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Areal Convergence in Eastern Central European Languages and Beyond


Edited By Luka Szucsich, Agnes Kim and Uliana Yazhinova

This book assembles contributions dealing with language contact and areal linguistics. The goal of the book is to investigate linguistic convergence in Europe with a strong focus on the languages of Eastern Central Europe which show many remarkable similarities. The focus is put on a methodical and empirical component in the investigation of two or more languages in the context of possible language contact phenomena. Languages of Eastern Central Europe and adjacent parts of Europe use a considerable amount of common vocabulary due to the transfer of loanwords during a long period of cultural contact. But they also share several grammatical features—phonological, morphological and syntactic ones. This book tackles lexical and grammatical phenomena in language contact situations. The authors take up diachronic, synchronic and language acquisitional perspectives, and discuss methodological problems for the field.

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Remarks on the Development of the Czech Modality System in Contact with German1


Abstract: The present paper offers five diachronic case studies which are devoted to the formation and development of several Czech modal expressions, taking into account the German influence on the Czech modality system. In the studies about the verbs mít ‘should’ and potřebovat ‘to need’, which are used as a conditional marker and as a deontic modal verb respectively, two semantic loans of peripheral modal meaning are demonstrated. The studies about hodlat ‘to want (to do sth.)’ and uspět ‘to succeed in sth.’ as well as the modal adverb možná ‘maybe’, exemplify the diachronic development to and from a modal meaning/function. In the last study, semantic parallels between the Czech modal particle také and German auch ‘also, too, as well’ are explained by the diachronic relationship of both languages.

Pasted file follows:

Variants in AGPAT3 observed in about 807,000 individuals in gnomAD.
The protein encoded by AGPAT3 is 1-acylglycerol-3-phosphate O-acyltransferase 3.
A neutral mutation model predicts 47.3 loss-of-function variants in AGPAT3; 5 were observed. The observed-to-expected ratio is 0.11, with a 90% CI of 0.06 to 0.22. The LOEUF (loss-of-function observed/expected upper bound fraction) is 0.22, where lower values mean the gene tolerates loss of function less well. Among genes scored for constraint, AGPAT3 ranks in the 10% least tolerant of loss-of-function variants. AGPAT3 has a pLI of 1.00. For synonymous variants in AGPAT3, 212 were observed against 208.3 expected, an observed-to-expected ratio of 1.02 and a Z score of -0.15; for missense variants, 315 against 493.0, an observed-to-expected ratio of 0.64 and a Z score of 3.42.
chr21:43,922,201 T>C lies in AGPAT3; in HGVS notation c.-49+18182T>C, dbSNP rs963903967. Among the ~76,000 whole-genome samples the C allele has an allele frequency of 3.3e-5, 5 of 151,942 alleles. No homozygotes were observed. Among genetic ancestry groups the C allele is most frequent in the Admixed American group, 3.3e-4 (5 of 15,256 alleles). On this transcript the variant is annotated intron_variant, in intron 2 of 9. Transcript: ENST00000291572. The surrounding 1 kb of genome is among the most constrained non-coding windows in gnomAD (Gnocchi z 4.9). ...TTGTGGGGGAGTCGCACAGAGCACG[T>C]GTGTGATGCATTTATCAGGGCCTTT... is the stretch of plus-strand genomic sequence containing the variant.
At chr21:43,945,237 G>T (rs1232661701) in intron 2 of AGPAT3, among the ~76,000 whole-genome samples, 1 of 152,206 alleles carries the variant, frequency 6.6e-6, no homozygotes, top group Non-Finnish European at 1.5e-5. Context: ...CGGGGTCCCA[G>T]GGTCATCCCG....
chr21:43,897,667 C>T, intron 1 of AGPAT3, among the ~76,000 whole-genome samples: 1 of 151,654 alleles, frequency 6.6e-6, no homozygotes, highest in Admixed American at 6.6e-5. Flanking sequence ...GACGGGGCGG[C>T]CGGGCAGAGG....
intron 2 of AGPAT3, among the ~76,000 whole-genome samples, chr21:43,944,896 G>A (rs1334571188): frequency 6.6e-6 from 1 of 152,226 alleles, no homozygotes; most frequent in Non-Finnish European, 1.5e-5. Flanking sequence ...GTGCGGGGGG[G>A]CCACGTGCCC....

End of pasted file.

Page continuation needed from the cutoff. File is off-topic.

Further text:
Keywords: language contact, Czech, German, modality, diachrony

1 Introduction

This contribution closely focuses on several particular topics relating to both Czech and German modality. It does not deliver a detailed overview on the whole subject, but introduces five separate studies as examples for the development of modality means. These individual issues are connected to some general information about the Czech modality system and also to previous research results.

The paper is structured as follows: The first three sections offer a theoretical background on modality. Section 1, the introduction, outlines some characteristics of the diachronic and areal approach and provides basic information about German-Czech language contact. Section...

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